The Organization of Islamic Cooperation (OIC) and local opposition leaders have raised concerns over recent targeting of Muslims in Sri Lanka amid COVID19 deaths.
The Organization of Islamic Cooperation -OIC in a statement has expressed concern regarding ‘the escalation of hate speech and hostility towards Muslims in Sri Lanka’ as Health authorities continue to burn bodies of Muslim victims of COVID19 against religious beliefs.
Sri Lankan authorities have been accused of violating the Islamic burial rites of Muslims with forced cremations of two Muslim COVID-19 victims in April. It had sent shock waves through the minority community, with many high level pleas being made to reconsider the stance. Such discussions had not changed the local policy as two similar recent deaths in May were cremated promptly.
OIC lashes out against perceived Muslim hostility
The statement in Arabic said that the OIC General Secretariat expressed its deep concern regarding the escalation of hate speech and hostility towards Muslims in Sri Lanka as well as publication of allegations that Muslim community was responsible for the spread of the new Corona epidemic (Covid-19). The statement continued to point out that the authorities continue ‘cremated bodies of the Muslim victims of the pandemic and arrested community members who rejected these practices.’
The OIC in its statement, in what appears to be strongly worded added that it ‘reaffirms its persistent stance that rejects all policies and practices targeting the rights of Muslims anywhere and calls on the authorities in Sri Lanka to ensure the safety and security and rights of the Muslim community, a commitment to respect their practices and religious rituals, safeguard their dignity and stand firmly against all parties behind the publication Feelings of hatred, Islamophobia, and hostility towards Muslims in Sri Lanka.’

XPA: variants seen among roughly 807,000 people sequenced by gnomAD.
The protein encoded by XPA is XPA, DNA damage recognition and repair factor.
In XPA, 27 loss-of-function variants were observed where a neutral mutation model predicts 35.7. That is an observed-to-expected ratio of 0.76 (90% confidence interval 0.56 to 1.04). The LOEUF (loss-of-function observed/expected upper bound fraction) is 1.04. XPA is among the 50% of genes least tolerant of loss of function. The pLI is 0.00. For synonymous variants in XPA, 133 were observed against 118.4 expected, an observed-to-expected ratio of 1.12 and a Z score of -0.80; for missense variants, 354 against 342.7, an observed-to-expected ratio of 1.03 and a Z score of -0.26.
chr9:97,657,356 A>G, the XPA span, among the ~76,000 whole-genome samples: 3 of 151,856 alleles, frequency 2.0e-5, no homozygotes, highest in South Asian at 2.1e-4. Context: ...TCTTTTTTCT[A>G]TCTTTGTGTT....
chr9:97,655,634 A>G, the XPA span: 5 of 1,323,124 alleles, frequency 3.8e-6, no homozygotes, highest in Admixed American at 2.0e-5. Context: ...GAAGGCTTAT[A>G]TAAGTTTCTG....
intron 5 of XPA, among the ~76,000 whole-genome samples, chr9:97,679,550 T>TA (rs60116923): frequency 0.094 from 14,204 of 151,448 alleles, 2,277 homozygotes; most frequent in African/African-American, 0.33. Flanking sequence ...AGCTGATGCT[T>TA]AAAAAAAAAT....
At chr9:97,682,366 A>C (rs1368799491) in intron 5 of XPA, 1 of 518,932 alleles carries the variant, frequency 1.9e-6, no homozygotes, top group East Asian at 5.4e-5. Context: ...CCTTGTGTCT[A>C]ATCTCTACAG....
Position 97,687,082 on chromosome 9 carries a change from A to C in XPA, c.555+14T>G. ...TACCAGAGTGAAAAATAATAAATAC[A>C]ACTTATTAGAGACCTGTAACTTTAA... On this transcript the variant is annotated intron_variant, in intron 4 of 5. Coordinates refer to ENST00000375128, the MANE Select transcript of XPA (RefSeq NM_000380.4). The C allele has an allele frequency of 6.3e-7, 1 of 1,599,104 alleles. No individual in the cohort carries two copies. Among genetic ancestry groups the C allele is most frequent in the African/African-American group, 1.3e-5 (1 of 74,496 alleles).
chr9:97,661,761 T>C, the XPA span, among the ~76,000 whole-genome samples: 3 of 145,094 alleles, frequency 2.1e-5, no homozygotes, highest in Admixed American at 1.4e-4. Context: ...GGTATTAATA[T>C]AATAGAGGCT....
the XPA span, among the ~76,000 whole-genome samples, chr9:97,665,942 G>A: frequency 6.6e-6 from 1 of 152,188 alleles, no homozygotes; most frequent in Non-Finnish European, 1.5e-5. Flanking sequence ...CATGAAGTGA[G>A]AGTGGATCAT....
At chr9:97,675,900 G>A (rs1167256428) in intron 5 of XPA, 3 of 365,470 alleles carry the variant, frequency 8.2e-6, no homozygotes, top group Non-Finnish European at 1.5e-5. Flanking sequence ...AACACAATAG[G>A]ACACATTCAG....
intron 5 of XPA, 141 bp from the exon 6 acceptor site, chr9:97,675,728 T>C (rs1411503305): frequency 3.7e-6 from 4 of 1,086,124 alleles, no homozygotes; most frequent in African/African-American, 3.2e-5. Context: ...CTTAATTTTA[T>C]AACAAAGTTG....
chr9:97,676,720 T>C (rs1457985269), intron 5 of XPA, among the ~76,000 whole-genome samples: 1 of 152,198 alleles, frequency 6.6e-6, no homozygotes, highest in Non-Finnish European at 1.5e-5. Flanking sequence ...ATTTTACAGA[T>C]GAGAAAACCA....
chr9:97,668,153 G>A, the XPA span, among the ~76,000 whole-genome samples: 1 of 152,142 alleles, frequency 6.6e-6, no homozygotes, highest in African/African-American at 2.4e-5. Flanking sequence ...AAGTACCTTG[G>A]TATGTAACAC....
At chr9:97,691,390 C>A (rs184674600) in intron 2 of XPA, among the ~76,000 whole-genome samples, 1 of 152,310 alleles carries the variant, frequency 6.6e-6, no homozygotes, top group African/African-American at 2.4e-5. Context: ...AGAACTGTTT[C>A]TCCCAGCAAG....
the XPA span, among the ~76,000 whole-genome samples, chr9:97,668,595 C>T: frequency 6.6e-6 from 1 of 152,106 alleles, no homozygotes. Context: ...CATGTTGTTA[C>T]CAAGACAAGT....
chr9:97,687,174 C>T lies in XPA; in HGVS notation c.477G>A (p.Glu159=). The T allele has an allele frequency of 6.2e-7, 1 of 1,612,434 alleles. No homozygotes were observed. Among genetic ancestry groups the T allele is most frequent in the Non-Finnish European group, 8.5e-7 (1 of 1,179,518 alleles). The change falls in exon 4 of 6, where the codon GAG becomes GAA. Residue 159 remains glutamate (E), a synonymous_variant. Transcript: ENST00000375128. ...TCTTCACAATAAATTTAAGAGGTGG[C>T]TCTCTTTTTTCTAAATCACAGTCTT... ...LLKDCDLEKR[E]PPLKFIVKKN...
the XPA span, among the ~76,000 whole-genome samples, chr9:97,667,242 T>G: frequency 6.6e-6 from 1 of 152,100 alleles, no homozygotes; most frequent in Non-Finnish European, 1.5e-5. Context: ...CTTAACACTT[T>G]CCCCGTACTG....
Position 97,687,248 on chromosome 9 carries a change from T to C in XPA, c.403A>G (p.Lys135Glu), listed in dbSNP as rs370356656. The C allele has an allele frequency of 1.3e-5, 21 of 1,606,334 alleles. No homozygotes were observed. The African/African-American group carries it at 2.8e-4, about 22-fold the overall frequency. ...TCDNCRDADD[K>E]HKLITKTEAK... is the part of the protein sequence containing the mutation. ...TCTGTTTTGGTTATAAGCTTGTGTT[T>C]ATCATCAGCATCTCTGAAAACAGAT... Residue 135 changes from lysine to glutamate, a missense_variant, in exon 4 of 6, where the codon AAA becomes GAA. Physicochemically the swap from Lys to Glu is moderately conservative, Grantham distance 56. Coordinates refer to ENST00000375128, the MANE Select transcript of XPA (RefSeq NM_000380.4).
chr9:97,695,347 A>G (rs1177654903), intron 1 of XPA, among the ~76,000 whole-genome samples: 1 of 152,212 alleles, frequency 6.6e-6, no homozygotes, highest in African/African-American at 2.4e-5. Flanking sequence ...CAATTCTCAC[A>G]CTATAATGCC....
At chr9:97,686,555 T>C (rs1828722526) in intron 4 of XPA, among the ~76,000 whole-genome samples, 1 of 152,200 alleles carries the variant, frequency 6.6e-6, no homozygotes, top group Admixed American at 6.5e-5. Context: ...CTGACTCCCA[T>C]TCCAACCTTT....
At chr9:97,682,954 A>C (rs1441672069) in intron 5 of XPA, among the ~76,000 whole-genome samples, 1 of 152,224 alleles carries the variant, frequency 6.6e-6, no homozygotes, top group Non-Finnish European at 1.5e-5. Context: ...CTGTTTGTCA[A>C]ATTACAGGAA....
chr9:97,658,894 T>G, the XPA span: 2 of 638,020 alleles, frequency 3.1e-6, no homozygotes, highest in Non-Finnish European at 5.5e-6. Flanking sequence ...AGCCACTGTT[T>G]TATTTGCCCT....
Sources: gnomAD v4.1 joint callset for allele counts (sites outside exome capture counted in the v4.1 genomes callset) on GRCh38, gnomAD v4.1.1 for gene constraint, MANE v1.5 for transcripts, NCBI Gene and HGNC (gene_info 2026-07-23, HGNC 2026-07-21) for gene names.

Opposition Politicians demand change, Ranil silent
On March 31 the country’s Ministry of Health reversed an earlier directive that was in line with WHO guidelines allowing burial and instead ruled cremation as the only method of disposing bodies.
Two of the first four people to die of the virus on the Island were Muslims, both were cremated against family wishes and guidelines by WHO that permits burials.
Two more recent deaths also followed the same procedure prompting opposition politicians to question the basis of the policy employed by the government.
The United National Party (UNP) embroiled in internal leadership issues have not taken a stance as its leader Ranil Wickremsinghe has remained silent, not providing any indication of the party’s position.
Former Presidential candidate Sajith Premadasa tweeted that if last rites cannot be carried out in a non-discriminatory, non-prejudicial manner, Sri Lanka would be a failed state due to racism, inherent ethnic and religious bias and marginalization.
JVP’s Bimal Rathnayake also echoed similar thoughts as he called upon the President to stop targeted discrimination of Muslims against Buddhist teachings.